Email has been announced dead for multiple times over the last decade. However, as we’ve seen in an earlier post, email marketing should be an essential part of your marketing mix. According to a 2011 study by eMarketer an astonishing 97% of small business use email marketing to connect with their customers.
When it comes to email marketing, the first hurdle to overcome is email open rate. Because if you can increase your open rates, you’ll be able to boost your email conversion rate too. Makes sense, right? Even if you give away the most beautiful vacation to your subscribers, if they don’t open the email they will never find out.
A deep understanding of your customers as well as their needs and habits, their tone of voice and everything else that is part of their unique personality is key in creating an effective email marketing strategy.
One of the first step to always ask yourself if: “If I received this email from another company, would I open it?” But what if you want more? A weak open rate can be the sign of many different things. Let’s look at them and see how you can improve the open rates for your company.
Average open rate
Before diving into improving your individual open rates, let’s first look quickly at some averages. While an average open rate depends on different industries and email providers. As soon as you start diving below 15% it should be setting off some alarm bells. A lot of email providers give you the option to provide the industry you’re operating in and helps you to give the average numbers per industry. If you don’t know where you need to look, the amazing folks over at Constant Contact have a great overview that is regularly updated.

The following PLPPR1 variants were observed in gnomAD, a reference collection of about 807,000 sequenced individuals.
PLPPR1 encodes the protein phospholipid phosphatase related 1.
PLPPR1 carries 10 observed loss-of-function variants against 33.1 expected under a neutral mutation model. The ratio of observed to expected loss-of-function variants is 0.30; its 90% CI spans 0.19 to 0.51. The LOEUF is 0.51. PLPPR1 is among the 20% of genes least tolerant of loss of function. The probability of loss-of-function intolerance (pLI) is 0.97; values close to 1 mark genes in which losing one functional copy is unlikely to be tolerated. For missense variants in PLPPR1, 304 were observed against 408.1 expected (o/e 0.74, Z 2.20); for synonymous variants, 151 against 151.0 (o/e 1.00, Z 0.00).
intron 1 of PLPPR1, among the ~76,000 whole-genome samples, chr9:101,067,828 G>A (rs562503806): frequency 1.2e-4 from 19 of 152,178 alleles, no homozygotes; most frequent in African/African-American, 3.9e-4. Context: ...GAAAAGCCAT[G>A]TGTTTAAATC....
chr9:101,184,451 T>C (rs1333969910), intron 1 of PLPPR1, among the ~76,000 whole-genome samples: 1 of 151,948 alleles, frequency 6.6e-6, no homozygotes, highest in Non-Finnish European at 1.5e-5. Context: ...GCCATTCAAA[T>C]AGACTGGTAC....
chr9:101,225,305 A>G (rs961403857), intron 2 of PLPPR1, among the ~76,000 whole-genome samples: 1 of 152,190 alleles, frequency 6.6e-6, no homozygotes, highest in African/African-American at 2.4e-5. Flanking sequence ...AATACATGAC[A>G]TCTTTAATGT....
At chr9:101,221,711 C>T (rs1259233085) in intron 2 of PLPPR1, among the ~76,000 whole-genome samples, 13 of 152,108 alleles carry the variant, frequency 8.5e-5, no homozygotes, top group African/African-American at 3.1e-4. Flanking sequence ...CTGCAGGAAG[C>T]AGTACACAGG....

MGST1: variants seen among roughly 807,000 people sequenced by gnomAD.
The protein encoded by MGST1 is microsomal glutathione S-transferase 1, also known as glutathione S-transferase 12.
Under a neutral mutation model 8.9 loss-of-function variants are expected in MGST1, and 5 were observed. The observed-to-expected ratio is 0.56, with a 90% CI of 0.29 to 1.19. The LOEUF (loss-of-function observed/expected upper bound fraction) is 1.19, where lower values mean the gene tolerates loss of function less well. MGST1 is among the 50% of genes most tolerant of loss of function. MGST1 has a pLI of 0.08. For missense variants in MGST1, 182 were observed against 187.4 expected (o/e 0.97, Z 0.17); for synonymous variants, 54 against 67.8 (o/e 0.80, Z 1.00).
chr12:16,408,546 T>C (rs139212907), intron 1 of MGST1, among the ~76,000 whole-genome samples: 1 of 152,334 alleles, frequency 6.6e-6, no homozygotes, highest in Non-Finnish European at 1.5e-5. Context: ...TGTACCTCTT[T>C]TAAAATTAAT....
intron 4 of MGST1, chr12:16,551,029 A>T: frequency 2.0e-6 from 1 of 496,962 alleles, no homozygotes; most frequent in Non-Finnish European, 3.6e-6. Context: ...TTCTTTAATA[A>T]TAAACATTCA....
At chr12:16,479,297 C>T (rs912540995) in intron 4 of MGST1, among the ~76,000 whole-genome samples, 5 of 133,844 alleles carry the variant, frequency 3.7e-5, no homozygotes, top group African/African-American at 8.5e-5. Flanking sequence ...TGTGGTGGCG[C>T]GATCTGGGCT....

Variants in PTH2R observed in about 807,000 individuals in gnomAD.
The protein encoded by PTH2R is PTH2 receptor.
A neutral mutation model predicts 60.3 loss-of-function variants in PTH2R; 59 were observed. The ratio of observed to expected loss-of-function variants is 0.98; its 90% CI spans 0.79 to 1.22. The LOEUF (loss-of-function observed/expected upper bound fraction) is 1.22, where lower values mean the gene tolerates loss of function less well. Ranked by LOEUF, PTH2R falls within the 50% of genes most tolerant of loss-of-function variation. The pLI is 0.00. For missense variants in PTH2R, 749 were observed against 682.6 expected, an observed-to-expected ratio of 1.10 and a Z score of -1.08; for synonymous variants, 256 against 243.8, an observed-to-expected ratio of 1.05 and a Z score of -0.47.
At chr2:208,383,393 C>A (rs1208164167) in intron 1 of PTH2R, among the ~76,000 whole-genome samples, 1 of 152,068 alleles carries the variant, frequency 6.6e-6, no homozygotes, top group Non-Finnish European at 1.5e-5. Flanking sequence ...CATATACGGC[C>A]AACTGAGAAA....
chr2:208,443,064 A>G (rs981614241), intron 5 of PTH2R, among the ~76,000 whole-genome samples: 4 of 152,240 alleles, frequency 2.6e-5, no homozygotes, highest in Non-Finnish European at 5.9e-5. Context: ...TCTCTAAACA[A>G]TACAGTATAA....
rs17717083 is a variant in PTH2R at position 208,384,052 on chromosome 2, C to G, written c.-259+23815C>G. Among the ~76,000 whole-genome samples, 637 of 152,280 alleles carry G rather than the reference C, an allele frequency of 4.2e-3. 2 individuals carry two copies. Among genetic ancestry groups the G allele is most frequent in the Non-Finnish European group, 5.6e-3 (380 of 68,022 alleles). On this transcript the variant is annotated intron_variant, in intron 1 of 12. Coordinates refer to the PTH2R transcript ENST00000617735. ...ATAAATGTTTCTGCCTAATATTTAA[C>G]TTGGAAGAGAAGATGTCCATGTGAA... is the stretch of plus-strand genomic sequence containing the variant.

As you can see from the table the worst performing industry to be in concerning open rates is the insurance one with an average open rate of 6.95%. The biggest open rates come from the child care services industry with a whopping 40.25%. If you score even higher with your newsletter, there is time right now for high-fiving your colleagues 😉 but nevertheless you should always try to improve!
So what are the things to look at when improving?
#1 Send emails from a real person
The “from” portion of your email is the first way to start making your email more human. When we send out our occasional email, we send it from Hans, not from Inbound Rocket. Why?
A couple of years ago Hubspot did an A/B test to see what would get a higher open rate. Would “Hubspot” or “Maggie Georgieva, HubSpot” get a higher open rate?
According to their research as seen in the above image, sending from a real person increased both the open rate and the conversion rate of the email. By sending out our emails from “Hans”, we create email by people, from people, for people. As the research proves, people connect with people and not with impersonal brands.